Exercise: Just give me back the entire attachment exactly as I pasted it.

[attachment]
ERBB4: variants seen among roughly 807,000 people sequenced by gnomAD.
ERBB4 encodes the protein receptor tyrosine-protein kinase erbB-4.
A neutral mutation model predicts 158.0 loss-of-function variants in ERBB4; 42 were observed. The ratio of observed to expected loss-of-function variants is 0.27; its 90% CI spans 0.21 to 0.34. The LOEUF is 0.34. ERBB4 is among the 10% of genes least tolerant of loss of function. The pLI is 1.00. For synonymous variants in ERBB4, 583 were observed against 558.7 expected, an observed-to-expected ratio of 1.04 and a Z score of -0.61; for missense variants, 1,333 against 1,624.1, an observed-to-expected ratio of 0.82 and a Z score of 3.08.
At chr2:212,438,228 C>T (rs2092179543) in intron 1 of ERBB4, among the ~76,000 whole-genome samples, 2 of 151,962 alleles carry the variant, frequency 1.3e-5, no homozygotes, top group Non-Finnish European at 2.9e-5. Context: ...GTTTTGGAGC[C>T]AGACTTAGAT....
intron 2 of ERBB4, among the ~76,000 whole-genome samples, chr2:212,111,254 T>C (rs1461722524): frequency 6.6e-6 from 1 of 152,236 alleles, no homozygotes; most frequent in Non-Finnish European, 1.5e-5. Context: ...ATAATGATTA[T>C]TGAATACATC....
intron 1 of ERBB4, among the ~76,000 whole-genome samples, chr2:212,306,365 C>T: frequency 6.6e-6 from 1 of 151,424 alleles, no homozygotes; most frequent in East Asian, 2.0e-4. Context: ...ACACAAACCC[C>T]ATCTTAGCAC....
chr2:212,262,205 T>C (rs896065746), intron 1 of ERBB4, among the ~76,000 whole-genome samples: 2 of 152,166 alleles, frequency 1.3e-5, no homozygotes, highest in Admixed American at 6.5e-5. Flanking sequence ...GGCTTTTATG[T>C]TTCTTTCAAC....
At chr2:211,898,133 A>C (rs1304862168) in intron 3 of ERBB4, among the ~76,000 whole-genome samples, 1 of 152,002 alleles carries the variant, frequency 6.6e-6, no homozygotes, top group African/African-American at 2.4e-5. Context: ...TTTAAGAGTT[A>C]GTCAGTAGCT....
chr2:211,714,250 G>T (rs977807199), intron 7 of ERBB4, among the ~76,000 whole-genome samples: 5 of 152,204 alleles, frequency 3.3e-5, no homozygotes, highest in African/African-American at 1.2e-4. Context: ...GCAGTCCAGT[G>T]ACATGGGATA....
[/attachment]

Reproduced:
ERBB4: variants seen among roughly 807,000 people sequenced by gnomAD.
ERBB4 encodes the protein receptor tyrosine-protein kinase erbB-4.
A neutral mutation model predicts 158.0 loss-of-function variants in ERBB4; 42 were observed. The ratio of observed to expected loss-of-function variants is 0.27; its 90% CI spans 0.21 to 0.34. The LOEUF is 0.34. ERBB4 is among the 10% of genes least tolerant of loss of function. The pLI is 1.00. For synonymous variants in ERBB4, 583 were observed against 558.7 expected, an observed-to-expected ratio of 1.04 and a Z score of -0.61; for missense variants, 1,333 against 1,624.1, an observed-to-expected ratio of 0.82 and a Z score of 3.08.
At chr2:212,438,228 C>T (rs2092179543) in intron 1 of ERBB4, among the ~76,000 whole-genome samples, 2 of 151,962 alleles carry the variant, frequency 1.3e-5, no homozygotes, top group Non-Finnish European at 2.9e-5. Context: ...GTTTTGGAGC[C>T]AGACTTAGAT....
intron 2 of ERBB4, among the ~76,000 whole-genome samples, chr2:212,111,254 T>C (rs1461722524): frequency 6.6e-6 from 1 of 152,236 alleles, no homozygotes; most frequent in Non-Finnish European, 1.5e-5. Context: ...ATAATGATTA[T>C]TGAATACATC....
intron 1 of ERBB4, among the ~76,000 whole-genome samples, chr2:212,306,365 C>T: frequency 6.6e-6 from 1 of 151,424 alleles, no homozygotes; most frequent in East Asian, 2.0e-4. Context: ...ACACAAACCC[C>T]ATCTTAGCAC....
chr2:212,262,205 T>C (rs896065746), intron 1 of ERBB4, among the ~76,000 whole-genome samples: 2 of 152,166 alleles, frequency 1.3e-5, no homozygotes, highest in Admixed American at 6.5e-5. Flanking sequence ...GGCTTTTATG[T>C]TTCTTTCAAC....
At chr2:211,898,133 A>C (rs1304862168) in intron 3 of ERBB4, among the ~76,000 whole-genome samples, 1 of 152,002 alleles carries the variant, frequency 6.6e-6, no homozygotes, top group African/African-American at 2.4e-5. Context: ...TTTAAGAGTT[A>C]GTCAGTAGCT....
chr2:211,714,250 G>T (rs977807199), intron 7 of ERBB4, among the ~76,000 whole-genome samples: 5 of 152,204 alleles, frequency 3.3e-5, no homozygotes, highest in African/African-American at 1.2e-4. Context: ...GCAGTCCAGT[G>T]ACATGGGATA....